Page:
\displaystyle \frac{\left ( 80 \right ) \left ( -120 \right ) - \left ( 150 \right ) \left ( 160 \right )}{ -120   -160 } = \frac{-9600 - 24000}{ -280 } = 120.

When A pays $120 then B pays $130, C pays 250, and together they pay $500, so this solution works.

This is hardly the most efficient way to solve a simple linear equation given the tools we have today, but it served for centuries. In his Ground of Artes of 1542, Robert Recorde offered a rule:

Gesse at this woorke as happe doth leade.
By chaunce to truthe you may procede.
And firste woorke by the question,
Although no truthe therein be don.
Suche falsehode is so good a grounde,
That truth by it will soone be founde.
From many bate to many mo,
From to fewe take to fewe also.
With to much ioyne to fewe againe,
To to fewe adde to manye plaine.
In crossewaies multiplye contrary kinde,
All truthe by falsehode for to fynde.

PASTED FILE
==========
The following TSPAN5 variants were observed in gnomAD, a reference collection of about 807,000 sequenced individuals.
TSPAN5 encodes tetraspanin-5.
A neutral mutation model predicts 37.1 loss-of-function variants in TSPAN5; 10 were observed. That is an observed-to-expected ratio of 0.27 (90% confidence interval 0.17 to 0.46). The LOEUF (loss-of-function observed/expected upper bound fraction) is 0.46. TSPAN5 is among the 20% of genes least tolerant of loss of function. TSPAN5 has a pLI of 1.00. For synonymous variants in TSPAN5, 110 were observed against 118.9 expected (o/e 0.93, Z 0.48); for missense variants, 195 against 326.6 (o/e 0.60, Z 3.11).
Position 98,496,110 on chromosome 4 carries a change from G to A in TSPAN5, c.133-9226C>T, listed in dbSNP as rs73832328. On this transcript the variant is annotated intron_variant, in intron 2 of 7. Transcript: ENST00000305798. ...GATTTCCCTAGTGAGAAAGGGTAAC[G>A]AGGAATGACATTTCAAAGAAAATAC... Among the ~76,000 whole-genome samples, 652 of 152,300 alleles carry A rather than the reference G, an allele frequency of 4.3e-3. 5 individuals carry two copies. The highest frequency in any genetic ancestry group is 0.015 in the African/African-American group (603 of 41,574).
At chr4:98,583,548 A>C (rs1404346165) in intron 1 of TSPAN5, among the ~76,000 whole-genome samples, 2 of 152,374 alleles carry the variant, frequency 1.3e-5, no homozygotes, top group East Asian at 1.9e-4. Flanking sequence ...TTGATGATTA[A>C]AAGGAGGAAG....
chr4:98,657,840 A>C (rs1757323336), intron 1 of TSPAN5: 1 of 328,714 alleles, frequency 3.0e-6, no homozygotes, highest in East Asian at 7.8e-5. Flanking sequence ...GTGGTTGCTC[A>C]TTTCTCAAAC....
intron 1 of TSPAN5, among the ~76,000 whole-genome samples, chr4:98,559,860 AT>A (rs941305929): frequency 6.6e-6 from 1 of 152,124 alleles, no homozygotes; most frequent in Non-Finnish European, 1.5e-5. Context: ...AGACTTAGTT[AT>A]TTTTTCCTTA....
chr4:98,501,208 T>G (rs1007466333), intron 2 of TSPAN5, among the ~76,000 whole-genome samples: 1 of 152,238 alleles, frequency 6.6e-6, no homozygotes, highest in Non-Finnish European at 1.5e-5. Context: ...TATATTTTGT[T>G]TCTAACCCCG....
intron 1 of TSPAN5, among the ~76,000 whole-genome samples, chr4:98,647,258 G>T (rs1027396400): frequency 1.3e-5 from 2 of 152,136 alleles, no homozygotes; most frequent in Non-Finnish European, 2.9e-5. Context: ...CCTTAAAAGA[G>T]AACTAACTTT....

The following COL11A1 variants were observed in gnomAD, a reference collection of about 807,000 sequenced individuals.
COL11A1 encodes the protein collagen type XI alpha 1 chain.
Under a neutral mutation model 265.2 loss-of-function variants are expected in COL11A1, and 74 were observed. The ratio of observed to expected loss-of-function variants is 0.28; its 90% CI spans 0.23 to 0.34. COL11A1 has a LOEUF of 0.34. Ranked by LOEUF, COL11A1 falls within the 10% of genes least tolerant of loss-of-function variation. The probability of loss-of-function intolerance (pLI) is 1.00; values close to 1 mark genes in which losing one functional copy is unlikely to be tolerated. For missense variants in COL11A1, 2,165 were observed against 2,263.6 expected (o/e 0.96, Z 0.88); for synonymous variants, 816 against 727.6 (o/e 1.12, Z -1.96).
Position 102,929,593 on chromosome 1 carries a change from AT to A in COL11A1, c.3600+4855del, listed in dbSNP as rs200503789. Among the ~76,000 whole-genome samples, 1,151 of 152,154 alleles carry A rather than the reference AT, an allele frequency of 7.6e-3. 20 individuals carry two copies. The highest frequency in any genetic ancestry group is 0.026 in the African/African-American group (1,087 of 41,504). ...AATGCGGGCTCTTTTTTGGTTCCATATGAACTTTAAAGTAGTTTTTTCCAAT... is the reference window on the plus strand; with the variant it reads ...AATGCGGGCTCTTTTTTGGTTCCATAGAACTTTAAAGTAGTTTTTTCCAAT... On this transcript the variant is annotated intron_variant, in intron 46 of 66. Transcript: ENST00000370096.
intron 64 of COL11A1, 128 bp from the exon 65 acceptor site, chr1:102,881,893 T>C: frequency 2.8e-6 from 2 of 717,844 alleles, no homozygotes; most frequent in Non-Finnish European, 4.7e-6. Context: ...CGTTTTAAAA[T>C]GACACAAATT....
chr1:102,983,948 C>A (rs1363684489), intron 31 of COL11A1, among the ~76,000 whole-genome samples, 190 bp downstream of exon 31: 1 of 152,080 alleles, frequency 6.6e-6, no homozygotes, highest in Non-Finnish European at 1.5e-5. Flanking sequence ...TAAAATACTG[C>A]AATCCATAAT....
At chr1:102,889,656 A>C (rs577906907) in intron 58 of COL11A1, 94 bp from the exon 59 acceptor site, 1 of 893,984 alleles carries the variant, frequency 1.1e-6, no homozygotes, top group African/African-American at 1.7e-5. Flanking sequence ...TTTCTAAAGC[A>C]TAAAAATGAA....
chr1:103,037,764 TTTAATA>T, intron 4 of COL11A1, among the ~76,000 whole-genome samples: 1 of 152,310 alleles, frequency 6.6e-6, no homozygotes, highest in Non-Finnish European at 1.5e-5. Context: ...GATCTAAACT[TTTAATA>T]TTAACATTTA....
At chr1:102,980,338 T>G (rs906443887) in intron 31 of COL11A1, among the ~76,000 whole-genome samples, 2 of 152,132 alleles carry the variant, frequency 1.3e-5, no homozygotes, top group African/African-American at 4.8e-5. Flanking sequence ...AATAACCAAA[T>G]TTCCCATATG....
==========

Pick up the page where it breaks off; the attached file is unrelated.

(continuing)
Many-Sided Story

From Ed Southall’s Twitter feed, a polygon name builder:


A 55-sided figure is a pentacontapentagon; one with 79 sides is a heptacontaenneagon. A system exists to go even higher: A figure with 9,000 sides is an enakischiliagon, and one with a million is a megagon.

René Descartes suggested the 1,000-sided chiliagon as an example of a thing that can be considered without being explicitly imagined; one “does not imagine the thousand sides or see them as if they were present.” So the intellect is not dependent on imagination.

A Rapid Sum

From Lewis Carroll’s diary, Feb. 5, 1856:

Varied the lesson at the school with a story, introducing a number of sums to be worked out. I also worked for them the puzzle of writing the answer to an addition sum, when only one of the five rows have been written: this … astonished them not a little.